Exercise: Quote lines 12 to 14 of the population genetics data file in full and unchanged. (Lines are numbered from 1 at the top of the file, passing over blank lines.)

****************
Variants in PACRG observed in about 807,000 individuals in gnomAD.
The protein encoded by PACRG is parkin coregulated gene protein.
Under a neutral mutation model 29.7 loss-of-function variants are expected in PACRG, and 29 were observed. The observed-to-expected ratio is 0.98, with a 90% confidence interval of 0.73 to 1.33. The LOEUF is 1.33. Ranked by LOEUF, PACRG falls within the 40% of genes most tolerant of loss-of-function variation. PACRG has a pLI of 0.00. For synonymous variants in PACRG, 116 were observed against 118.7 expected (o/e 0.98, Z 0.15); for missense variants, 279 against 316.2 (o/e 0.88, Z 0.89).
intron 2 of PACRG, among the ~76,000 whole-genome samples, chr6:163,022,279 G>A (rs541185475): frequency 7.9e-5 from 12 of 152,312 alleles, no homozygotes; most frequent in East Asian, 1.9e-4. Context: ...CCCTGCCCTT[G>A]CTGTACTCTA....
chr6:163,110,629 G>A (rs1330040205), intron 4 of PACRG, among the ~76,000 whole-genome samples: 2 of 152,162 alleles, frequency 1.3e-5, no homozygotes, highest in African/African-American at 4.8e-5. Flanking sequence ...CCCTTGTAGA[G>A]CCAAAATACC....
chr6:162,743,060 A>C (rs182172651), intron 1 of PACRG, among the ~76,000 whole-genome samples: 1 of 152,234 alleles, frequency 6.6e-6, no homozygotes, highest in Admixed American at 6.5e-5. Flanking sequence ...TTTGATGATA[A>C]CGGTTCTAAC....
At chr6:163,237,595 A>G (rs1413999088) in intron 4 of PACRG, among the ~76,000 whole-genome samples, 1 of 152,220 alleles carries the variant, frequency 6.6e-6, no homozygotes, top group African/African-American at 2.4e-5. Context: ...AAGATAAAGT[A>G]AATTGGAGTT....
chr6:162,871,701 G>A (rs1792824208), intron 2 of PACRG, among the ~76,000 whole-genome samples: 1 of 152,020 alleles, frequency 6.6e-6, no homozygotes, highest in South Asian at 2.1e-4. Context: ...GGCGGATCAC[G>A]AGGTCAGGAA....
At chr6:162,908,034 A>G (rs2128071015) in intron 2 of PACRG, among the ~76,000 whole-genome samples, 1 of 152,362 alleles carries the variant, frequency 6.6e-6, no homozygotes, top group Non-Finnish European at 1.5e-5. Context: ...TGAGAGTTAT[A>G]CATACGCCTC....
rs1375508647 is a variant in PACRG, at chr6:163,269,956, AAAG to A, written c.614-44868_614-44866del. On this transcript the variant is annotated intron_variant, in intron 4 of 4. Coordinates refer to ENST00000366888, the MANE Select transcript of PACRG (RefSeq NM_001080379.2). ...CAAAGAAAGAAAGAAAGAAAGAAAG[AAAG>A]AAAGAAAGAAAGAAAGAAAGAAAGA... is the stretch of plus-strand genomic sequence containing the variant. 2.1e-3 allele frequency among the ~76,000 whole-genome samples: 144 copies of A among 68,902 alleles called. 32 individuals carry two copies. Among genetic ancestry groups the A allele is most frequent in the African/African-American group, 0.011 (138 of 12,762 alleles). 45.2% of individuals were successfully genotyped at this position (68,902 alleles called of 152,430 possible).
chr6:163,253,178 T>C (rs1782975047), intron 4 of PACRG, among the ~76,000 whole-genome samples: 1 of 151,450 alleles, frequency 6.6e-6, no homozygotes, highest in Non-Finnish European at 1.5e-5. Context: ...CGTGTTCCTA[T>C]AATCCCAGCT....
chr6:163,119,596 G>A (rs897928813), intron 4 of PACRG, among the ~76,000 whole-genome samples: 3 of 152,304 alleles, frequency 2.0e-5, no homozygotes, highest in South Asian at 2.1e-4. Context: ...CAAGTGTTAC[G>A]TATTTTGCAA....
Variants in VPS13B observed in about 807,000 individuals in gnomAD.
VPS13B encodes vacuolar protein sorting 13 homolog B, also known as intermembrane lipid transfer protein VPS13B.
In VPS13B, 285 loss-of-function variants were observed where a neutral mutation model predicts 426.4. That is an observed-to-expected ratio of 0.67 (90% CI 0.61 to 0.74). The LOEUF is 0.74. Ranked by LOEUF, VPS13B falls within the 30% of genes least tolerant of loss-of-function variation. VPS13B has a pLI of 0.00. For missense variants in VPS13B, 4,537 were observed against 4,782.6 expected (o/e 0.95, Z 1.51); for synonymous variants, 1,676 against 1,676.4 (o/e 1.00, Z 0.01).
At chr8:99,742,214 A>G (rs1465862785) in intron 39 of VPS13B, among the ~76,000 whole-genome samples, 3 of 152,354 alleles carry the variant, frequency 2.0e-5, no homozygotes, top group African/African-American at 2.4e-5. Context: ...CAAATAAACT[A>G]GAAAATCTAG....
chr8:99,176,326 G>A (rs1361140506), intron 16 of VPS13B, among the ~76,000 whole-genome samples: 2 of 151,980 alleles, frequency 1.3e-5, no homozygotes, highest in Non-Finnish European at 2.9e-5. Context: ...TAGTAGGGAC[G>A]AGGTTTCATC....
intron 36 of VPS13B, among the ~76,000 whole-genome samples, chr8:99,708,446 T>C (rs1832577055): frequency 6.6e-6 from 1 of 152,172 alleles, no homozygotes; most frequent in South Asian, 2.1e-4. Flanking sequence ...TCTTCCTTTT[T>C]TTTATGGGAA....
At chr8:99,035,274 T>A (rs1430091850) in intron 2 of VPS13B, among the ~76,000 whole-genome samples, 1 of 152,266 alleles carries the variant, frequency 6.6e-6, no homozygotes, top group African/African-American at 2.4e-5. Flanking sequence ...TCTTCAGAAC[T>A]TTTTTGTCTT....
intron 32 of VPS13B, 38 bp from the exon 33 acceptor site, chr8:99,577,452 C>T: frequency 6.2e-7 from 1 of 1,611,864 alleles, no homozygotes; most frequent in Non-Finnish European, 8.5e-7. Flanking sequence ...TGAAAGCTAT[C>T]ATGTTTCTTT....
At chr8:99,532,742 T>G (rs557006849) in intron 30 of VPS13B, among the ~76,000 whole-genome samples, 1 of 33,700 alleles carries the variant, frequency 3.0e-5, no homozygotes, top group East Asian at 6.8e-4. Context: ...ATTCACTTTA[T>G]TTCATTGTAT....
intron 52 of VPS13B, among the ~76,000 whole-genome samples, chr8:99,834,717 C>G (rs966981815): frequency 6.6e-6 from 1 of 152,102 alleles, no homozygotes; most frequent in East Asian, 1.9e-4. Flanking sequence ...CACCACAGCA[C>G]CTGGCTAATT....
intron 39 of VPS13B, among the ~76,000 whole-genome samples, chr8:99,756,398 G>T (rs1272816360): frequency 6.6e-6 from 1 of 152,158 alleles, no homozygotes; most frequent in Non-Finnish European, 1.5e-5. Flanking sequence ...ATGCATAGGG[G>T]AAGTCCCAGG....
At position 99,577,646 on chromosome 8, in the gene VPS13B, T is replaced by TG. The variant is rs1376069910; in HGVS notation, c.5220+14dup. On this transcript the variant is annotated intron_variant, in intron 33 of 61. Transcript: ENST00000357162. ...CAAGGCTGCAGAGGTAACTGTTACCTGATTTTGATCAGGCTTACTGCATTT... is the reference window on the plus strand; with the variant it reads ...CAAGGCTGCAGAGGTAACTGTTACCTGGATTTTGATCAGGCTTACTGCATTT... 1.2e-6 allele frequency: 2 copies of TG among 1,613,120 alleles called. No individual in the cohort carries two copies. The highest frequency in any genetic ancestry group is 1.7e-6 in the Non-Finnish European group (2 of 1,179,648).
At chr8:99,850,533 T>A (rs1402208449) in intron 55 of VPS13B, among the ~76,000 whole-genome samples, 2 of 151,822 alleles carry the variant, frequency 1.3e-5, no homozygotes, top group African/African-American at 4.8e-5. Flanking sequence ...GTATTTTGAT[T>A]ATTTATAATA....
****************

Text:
chr6:163,119,596 G>A (rs897928813), intron 4 of PACRG, among the ~76,000 whole-genome samples: 3 of 152,304 alleles, frequency 2.0e-5, no homozygotes, highest in South Asian at 2.1e-4. Context: ...CAAGTGTTAC[G>A]TATTTTGCAA....
Variants in VPS13B observed in about 807,000 individuals in gnomAD.
VPS13B encodes vacuolar protein sorting 13 homolog B, also known as intermembrane lipid transfer protein VPS13B.